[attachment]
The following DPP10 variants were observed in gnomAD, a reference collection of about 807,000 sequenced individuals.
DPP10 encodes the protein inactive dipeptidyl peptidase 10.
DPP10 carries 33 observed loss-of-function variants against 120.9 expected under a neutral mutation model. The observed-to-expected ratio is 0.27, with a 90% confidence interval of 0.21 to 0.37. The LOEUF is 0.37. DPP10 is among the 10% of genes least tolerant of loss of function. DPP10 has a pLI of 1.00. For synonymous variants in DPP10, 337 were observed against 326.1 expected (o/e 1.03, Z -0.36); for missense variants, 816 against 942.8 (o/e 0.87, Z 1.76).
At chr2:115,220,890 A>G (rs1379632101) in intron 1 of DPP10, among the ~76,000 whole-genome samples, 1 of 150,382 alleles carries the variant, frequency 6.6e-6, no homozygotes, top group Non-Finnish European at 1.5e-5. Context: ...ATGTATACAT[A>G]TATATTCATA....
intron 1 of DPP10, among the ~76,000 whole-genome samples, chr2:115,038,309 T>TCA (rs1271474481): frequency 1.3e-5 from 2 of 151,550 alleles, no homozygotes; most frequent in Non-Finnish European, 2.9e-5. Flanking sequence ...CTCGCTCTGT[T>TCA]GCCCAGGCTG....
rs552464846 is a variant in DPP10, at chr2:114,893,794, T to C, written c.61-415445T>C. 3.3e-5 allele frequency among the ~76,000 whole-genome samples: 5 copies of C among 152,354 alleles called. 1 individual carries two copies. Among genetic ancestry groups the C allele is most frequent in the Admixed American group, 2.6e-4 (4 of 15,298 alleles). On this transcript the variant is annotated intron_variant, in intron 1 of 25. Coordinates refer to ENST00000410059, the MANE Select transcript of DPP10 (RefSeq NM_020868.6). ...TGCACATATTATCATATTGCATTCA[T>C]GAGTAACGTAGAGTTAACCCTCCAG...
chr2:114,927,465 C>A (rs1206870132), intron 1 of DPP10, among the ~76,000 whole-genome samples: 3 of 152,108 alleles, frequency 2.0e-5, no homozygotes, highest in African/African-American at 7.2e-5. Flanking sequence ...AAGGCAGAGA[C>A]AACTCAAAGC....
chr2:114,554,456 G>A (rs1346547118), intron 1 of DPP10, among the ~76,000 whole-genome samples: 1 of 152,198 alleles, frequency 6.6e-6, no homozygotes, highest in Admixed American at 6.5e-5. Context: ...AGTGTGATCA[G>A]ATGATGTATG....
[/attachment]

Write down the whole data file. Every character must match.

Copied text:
The following DPP10 variants were observed in gnomAD, a reference collection of about 807,000 sequenced individuals.
DPP10 encodes the protein inactive dipeptidyl peptidase 10.
DPP10 carries 33 observed loss-of-function variants against 120.9 expected under a neutral mutation model. The observed-to-expected ratio is 0.27, with a 90% confidence interval of 0.21 to 0.37. The LOEUF is 0.37. DPP10 is among the 10% of genes least tolerant of loss of function. DPP10 has a pLI of 1.00. For synonymous variants in DPP10, 337 were observed against 326.1 expected (o/e 1.03, Z -0.36); for missense variants, 816 against 942.8 (o/e 0.87, Z 1.76).
At chr2:115,220,890 A>G (rs1379632101) in intron 1 of DPP10, among the ~76,000 whole-genome samples, 1 of 150,382 alleles carries the variant, frequency 6.6e-6, no homozygotes, top group Non-Finnish European at 1.5e-5. Context: ...ATGTATACAT[A>G]TATATTCATA....
intron 1 of DPP10, among the ~76,000 whole-genome samples, chr2:115,038,309 T>TCA (rs1271474481): frequency 1.3e-5 from 2 of 151,550 alleles, no homozygotes; most frequent in Non-Finnish European, 2.9e-5. Flanking sequence ...CTCGCTCTGT[T>TCA]GCCCAGGCTG....
rs552464846 is a variant in DPP10, at chr2:114,893,794, T to C, written c.61-415445T>C. 3.3e-5 allele frequency among the ~76,000 whole-genome samples: 5 copies of C among 152,354 alleles called. 1 individual carries two copies. Among genetic ancestry groups the C allele is most frequent in the Admixed American group, 2.6e-4 (4 of 15,298 alleles). On this transcript the variant is annotated intron_variant, in intron 1 of 25. Coordinates refer to ENST00000410059, the MANE Select transcript of DPP10 (RefSeq NM_020868.6). ...TGCACATATTATCATATTGCATTCA[T>C]GAGTAACGTAGAGTTAACCCTCCAG...
chr2:114,927,465 C>A (rs1206870132), intron 1 of DPP10, among the ~76,000 whole-genome samples: 3 of 152,108 alleles, frequency 2.0e-5, no homozygotes, highest in African/African-American at 7.2e-5. Flanking sequence ...AAGGCAGAGA[C>A]AACTCAAAGC....
chr2:114,554,456 G>A (rs1346547118), intron 1 of DPP10, among the ~76,000 whole-genome samples: 1 of 152,198 alleles, frequency 6.6e-6, no homozygotes, highest in Admixed American at 6.5e-5. Context: ...AGTGTGATCA[G>A]ATGATGTATG....